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Why The L.S. Starrett Company’s (NYSE:SCX) Return On Capital Employed Might Be A Concern

Michael Crabtree

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Today we are going to look at The L.S. Starrett Company (NYSE:SCX) to see whether it might be an attractive investment prospect. Specifically, we’re going to calculate its Return On Capital Employed (ROCE), in the hopes of getting some insight into the business.

First, we’ll go over how we calculate ROCE. Then we’ll compare its ROCE to similar companies. Then we’ll determine how its current liabilities are affecting its ROCE.

What is Return On Capital Employed (ROCE)?

ROCE is a metric for evaluating how much pre-tax income (in percentage terms) a company earns on the capital invested in its business. All else being equal, a better business will have a higher ROCE. Overall, it is a valuable metric that has its flaws. Renowned investment researcher Michael Mauboussin has suggested that a high ROCE can indicate that ‘one dollar invested in the company generates value of more than one dollar’.

How Do You Calculate Return On Capital Employed?

The formula for calculating the return on capital employed is:

Return on Capital Employed = Earnings Before Interest and Tax (EBIT) ÷ (Total Assets – Current Liabilities)

Or for L.S. Starrett:

0.051 = US$4.7m ÷ (US$181m – US$26m) (Based on the trailing twelve months to December 2018.)

So, L.S. Starrett has an ROCE of 5.1%.

Check out our latest analysis for L.S. Starrett

Is L.S. Starrett’s ROCE Good?

When making comparisons between similar businesses, investors may find ROCE useful. Using our data, L.S. Starrett’s ROCE appears to be significantly below the 12% average in the Machinery industry. This performance could be negative if sustained, as it suggests the business may underperform its industry. Regardless of how L.S. Starrett stacks up against its industry, its ROCE in absolute terms is quite low (especially compared to a bank account). Readers may wish to look for more rewarding investments.

Our data shows that L.S. Starrett currently has an ROCE of 5.1%, compared to its ROCE of 2.9% 3 years ago. This makes us think about whether the company has been reinvesting shrewdly.

NYSE:SCX Last Perf February 7th 19

It is important to remember that ROCE shows past performance, and is not necessarily predictive. Companies in cyclical industries can be difficult to understand using ROCE, as returns typically look high during boom times, and low during busts. This is because ROCE only looks at one year, instead of considering returns across a whole cycle. If L.S. Starrett is cyclical, it could make sense to check out this free graph of past earnings, revenue and cash flow.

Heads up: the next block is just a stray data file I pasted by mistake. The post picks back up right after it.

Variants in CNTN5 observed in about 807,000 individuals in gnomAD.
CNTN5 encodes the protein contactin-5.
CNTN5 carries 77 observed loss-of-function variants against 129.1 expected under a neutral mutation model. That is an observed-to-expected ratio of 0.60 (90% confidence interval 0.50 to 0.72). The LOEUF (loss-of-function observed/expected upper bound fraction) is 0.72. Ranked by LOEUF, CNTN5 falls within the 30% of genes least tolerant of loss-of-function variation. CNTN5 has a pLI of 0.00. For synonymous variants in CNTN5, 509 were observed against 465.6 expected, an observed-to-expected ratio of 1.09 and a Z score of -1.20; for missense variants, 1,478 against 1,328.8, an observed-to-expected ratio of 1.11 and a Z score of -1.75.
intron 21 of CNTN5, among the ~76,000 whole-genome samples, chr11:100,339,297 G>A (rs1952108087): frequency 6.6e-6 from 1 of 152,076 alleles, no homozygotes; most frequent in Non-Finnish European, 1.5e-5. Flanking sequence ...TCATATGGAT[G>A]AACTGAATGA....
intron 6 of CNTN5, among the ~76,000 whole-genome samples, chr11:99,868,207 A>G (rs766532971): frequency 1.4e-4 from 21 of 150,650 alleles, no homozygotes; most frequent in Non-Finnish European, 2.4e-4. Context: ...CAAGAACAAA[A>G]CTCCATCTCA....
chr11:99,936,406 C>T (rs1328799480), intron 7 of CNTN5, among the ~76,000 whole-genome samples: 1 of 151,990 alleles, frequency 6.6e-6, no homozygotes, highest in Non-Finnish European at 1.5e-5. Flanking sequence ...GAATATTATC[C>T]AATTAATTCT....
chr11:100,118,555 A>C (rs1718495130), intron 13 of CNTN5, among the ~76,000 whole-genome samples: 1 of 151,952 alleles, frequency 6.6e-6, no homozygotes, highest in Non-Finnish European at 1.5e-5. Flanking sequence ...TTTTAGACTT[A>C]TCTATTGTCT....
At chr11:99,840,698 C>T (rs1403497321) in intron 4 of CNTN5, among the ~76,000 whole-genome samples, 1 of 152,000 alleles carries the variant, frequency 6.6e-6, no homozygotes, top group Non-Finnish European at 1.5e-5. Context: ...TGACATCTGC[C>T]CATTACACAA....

What Are Current Liabilities, And How Do They Affect L.S. Starrett’s ROCE?

Liabilities, such as supplier bills and bank overdrafts, are referred to as current liabilities if they need to be paid within 12 months. Due to the way ROCE is calculated, a high level of current liabilities makes a company look as though it has less capital employed, and thus can (sometimes unfairly) boost the ROCE. To check the impact of this, we calculate if a company has high current liabilities relative to its total assets.

L.S. Starrett has total liabilities of US$26m and total assets of US$181m. Therefore its current liabilities are equivalent to approximately 14% of its total assets. This is not a high level of current liabilities, which would not boost the ROCE by much.

What We Can Learn From L.S. Starrett’s ROCE

That’s not a bad thing, however L.S. Starrett has a weak ROCE and may not be an attractive investment. But note: L.S. Starrett may not be the best stock to buy. So take a peek at this free list of interesting companies with strong recent earnings growth (and a P/E ratio below 20).

If you like to buy stocks alongside management, then you might just love this free list of companies. (Hint: insiders have been buying them).

To help readers see past the short term volatility of the financial market, we aim to bring you a long-term focused research analysis purely driven by fundamental data. Note that our analysis does not factor in the latest price-sensitive company announcements.

The author is an independent contributor and at the time of publication had no position in the stocks mentioned. For errors that warrant correction please contact the editor at editorial-team@simplywallst.com.